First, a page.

Alameda County in California has a population of 1.6 million people, many of whom have been denying stay at home orders, going to the beach and other places. Most of those 1.6 million people have also been shopping in grocery stores and exposing themselves to others for months during the lockdown. However, out of this 1.6 million, there have been only 2,392 confirmed cases of COVID-19 as of Monday. In the entire state of California, hospital bed occupancy is at less than 10% capacity. If we look at the numbers alone, officials are losing the case for maintaining a total lockdown. Nevertheless, officials keep making brash decisions, especially when it comes to child rapists and other sex offenders.
Due to the “threat of coronavirus” in Oakland, officials in California made the decision to close down the registry unit where many of the city’s sex offenders are required to check in every month.
As Fox News reports, now the city of Oakland has no up-to-date addresses or other important information on hundreds of offenders – particularly transient sex offenders – raising concerns from victims’ advocates and offenders who are trying to register alike.
“We’ve put a whole population at risk and I find that very, very concerning,” said Nina Salarno-Besselman, an attorney with Crime Victims United, a public safety and victims’ advocacy group that fought to pass California’s Megan’s Law in the 1990s.
Indeed, they have. As TFTP has reported, over the past two months, there has been a group of folks being released from prisons to stave off potential COVID-19 outbreaks that has raised many eyebrows, and for good reason. We have been reporting on the release of multiple dangerous high-risk sex offenders across the country.
As TFTP reported in April, residents of Orange County were issued a warning by District Attorney Todd Spitzer, letting them know that seven registered sex offenders who he said were “high-risk” were recently released from custody.
KTLA reports, Spitzer said the convicted men spent “just days” in jail instead of the six months required by law for those registered as sex offenders. Illustrating the reckless nature of such a decision is the fact that all of these violent sex offenders had also been charged with cutting off their GPS monitors or tampering with their tracking devices.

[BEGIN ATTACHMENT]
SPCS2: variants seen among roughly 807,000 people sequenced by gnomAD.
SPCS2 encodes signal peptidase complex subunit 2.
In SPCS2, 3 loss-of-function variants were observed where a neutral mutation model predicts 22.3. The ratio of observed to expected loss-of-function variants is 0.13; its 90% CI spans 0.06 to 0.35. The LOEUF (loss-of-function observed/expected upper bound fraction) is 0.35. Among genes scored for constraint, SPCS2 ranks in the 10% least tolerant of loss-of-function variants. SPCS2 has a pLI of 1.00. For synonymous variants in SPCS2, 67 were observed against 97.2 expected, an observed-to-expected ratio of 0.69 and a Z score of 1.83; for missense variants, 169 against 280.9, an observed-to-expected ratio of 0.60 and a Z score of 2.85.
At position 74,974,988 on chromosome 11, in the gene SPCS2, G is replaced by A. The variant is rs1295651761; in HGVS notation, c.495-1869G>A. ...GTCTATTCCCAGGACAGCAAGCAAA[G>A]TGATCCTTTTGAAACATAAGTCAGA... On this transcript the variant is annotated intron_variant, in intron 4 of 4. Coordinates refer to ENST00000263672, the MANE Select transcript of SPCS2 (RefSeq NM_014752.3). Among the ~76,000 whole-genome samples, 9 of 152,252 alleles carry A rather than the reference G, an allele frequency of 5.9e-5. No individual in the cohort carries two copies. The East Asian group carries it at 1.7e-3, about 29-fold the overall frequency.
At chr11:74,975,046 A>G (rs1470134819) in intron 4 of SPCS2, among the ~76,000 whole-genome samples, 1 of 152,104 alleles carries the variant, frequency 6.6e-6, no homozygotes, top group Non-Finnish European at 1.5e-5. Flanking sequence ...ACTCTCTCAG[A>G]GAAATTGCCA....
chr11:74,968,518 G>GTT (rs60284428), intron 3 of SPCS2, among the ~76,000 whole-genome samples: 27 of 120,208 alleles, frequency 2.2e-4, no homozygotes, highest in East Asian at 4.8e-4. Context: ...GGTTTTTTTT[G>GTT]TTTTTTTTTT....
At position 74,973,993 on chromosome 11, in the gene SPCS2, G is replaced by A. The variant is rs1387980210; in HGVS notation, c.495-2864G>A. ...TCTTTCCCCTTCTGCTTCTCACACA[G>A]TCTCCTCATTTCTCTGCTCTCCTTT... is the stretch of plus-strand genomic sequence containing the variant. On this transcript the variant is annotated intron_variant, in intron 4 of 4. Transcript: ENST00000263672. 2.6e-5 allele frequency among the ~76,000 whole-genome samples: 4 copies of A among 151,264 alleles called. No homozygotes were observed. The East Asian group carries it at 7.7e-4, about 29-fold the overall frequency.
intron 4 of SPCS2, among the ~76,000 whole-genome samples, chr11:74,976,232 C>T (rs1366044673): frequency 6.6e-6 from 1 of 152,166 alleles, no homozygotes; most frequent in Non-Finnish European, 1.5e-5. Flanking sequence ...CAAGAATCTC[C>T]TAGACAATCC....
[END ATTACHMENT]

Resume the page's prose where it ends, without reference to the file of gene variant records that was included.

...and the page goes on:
Now, these dangerous offenders don’t even have to check in.
The DA called the men “the most dangerous kind of criminal and the most likely to reoffend.”
“These are not the kind of people who should be getting a break,” he said.
“It is not the court’s responsibility to control the jail population by releasing these dangerous criminals back into our communities,” the DA said. “The residents of Orange County deserve to have the peace of mind that registered sex offenders are being held accountable and not just let out the front door of a jail by a court commissioner who refuses to follow the law.”
On top of the court knowing these men had convictions for tampering with their ankle monitors, all seven of these men have violent criminal records, and five of the seven have been arrested for criminal sex acts against children.
One of these child sex offenders released back into the public was Rudy William Grajeda Magdaleno, 39. His criminal history includes child molestation, indecent exposure, assault, battery, criminal threats and inflicting injury on an adult, officials said. He has had five parole violations since 2017. He was released on April 13 after serving 142 days on a parole violation for failing to charge his GPS monitoring device. He was ordered to report but he “does not report,” officials said.
Unsurprisingly, Magdaleno was arrested over the weekend only days after he was released. For what, you ask? Another sex offense.
As people like Magdaleno, who pose a threat to the public and are a high risk of hurting people get released and told they no longer have to check in to the sex offender registry unit, legitimate business owners like elderly Native American trinket and souvenir dealer Daniel J. Mazon are being shaken down and arrested for attempting to legally open their businesses.